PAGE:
For example, the sugar maltose is made from two glucose molecules bonded together. The enzymemaltase is shaped in such a way that it can break the bond and free the two glucose pieces. The only thing maltase can do is break maltose molecules, but it can do that very rapidly and efficiently. Other types of enzymes can put atoms and molecules together. Breaking molecules apart and putting molecules together is what enzymes do, and there is a specific enzyme for each chemical reaction needed to make the cell work properly.

  • Regular colon cleansing - recommended once a month to remove build up of toxins, gas, metals, debris and detoxify your sytem. Oxypowder Colon Cleanse by The Finchley clinic is a highly recommended method of easy to use cleansing in capsule form.
  • Look after your liver, kidneys and spleen - Milk Thistle is highly recommended for supporting these sponge like organs... and plenty of water.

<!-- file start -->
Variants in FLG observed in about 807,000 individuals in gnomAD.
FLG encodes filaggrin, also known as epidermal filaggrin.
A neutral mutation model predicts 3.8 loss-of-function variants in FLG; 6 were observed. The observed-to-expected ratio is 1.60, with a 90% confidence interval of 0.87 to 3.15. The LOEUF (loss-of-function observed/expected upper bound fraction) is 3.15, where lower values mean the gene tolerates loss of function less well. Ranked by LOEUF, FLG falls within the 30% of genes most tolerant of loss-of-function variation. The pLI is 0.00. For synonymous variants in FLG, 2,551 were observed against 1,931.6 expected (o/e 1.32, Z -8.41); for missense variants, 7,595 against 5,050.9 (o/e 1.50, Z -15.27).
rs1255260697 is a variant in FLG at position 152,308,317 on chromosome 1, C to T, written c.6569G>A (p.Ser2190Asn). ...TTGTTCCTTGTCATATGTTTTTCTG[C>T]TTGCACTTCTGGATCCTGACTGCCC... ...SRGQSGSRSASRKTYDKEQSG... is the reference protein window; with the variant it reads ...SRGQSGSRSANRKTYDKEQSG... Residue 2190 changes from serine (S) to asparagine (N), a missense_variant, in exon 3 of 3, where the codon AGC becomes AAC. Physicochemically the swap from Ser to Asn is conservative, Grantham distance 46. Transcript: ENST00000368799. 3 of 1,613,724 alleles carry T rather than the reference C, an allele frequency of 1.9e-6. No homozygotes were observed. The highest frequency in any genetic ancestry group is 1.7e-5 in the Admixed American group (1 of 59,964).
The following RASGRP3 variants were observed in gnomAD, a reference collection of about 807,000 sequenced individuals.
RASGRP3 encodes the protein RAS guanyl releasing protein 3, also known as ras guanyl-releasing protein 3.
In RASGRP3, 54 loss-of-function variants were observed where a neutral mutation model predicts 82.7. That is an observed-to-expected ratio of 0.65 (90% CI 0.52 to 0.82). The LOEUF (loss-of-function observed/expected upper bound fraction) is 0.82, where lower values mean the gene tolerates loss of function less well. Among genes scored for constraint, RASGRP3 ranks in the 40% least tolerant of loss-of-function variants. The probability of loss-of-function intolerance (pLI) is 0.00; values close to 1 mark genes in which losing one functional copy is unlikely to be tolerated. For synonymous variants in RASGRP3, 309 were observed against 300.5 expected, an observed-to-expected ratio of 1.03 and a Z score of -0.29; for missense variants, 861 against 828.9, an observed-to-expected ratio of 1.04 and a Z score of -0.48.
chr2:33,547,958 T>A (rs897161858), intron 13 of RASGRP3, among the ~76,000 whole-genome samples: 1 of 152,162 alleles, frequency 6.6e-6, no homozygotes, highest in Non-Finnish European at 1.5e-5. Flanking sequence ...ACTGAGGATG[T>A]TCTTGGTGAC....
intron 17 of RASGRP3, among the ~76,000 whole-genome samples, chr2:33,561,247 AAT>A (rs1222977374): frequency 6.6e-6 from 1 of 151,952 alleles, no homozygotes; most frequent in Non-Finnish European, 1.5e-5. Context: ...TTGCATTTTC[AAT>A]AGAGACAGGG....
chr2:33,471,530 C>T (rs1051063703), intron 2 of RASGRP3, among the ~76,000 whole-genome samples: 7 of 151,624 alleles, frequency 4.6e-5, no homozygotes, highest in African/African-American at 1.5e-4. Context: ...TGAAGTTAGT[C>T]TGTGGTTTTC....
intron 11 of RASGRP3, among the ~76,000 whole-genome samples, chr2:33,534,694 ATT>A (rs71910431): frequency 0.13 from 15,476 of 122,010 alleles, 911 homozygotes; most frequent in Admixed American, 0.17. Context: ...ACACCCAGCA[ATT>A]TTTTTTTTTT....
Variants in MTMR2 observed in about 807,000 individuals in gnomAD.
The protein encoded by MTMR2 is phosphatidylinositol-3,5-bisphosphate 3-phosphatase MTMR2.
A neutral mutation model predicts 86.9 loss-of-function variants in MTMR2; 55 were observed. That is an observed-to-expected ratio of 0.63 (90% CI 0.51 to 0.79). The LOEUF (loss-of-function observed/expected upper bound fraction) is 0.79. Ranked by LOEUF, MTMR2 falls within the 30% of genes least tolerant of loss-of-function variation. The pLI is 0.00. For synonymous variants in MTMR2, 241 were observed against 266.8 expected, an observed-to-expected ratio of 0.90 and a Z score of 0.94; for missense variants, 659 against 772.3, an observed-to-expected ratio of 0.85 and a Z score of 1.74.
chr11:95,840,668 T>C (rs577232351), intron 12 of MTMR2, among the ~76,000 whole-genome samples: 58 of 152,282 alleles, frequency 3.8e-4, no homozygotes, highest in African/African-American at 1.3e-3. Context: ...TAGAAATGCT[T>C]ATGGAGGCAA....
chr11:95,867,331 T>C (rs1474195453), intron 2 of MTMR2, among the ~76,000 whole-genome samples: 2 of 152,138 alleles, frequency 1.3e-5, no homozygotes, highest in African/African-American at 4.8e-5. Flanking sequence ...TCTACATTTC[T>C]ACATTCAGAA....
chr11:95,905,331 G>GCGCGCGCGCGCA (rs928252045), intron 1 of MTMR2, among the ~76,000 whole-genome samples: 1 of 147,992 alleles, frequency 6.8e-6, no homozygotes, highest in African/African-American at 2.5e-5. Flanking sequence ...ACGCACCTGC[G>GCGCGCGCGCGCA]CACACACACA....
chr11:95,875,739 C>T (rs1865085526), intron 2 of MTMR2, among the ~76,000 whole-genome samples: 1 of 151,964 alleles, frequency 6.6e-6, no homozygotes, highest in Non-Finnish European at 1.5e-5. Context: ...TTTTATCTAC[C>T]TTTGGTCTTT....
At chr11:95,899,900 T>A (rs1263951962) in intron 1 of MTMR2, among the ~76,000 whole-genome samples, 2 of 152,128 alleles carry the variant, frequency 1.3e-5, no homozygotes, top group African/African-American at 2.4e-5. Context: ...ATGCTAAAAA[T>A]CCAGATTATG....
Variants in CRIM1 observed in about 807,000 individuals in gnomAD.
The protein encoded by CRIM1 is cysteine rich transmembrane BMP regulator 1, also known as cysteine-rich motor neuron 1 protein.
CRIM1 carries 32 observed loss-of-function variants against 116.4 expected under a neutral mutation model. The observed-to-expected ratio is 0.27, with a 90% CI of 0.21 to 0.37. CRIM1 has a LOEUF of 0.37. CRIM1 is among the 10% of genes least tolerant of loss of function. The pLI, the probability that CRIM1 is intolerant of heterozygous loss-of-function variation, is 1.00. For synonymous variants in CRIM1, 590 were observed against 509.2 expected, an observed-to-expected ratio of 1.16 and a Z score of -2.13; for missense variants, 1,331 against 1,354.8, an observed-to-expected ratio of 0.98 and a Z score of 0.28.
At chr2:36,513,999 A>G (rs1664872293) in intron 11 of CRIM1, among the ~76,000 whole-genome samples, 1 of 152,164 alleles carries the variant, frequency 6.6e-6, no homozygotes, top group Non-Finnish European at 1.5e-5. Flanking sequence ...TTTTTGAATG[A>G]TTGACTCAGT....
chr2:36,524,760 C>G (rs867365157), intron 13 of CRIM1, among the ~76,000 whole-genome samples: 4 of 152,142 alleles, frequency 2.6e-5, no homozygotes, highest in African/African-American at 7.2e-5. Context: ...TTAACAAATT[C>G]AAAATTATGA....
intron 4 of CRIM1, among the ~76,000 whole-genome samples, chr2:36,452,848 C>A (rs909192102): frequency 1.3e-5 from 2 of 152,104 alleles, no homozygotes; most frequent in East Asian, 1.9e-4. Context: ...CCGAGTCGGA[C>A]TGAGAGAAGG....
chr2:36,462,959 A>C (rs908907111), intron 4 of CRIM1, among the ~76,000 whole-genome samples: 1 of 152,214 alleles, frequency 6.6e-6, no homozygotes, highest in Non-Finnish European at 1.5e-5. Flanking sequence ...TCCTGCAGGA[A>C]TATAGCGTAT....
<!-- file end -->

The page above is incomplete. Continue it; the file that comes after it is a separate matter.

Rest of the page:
• Give up/Reduce smoking - inhalation also takes in air into the stomach. Smoke restricts proper oxygen air exchange, thus causing a deficiency in nutrients in bloodstream, thus effecting all cell renewal and health.
  • Experts debunk some common myths about the stomach, including misconceptions about where digestion actually takes place and whether eating at a certain time of day can boost weight gain. Read Full Article

There are many causes of abdominal bloating or distension, but perhaps the most common of these relate to abdominal bloating after eating because of the production of excess gas in the digestive tract.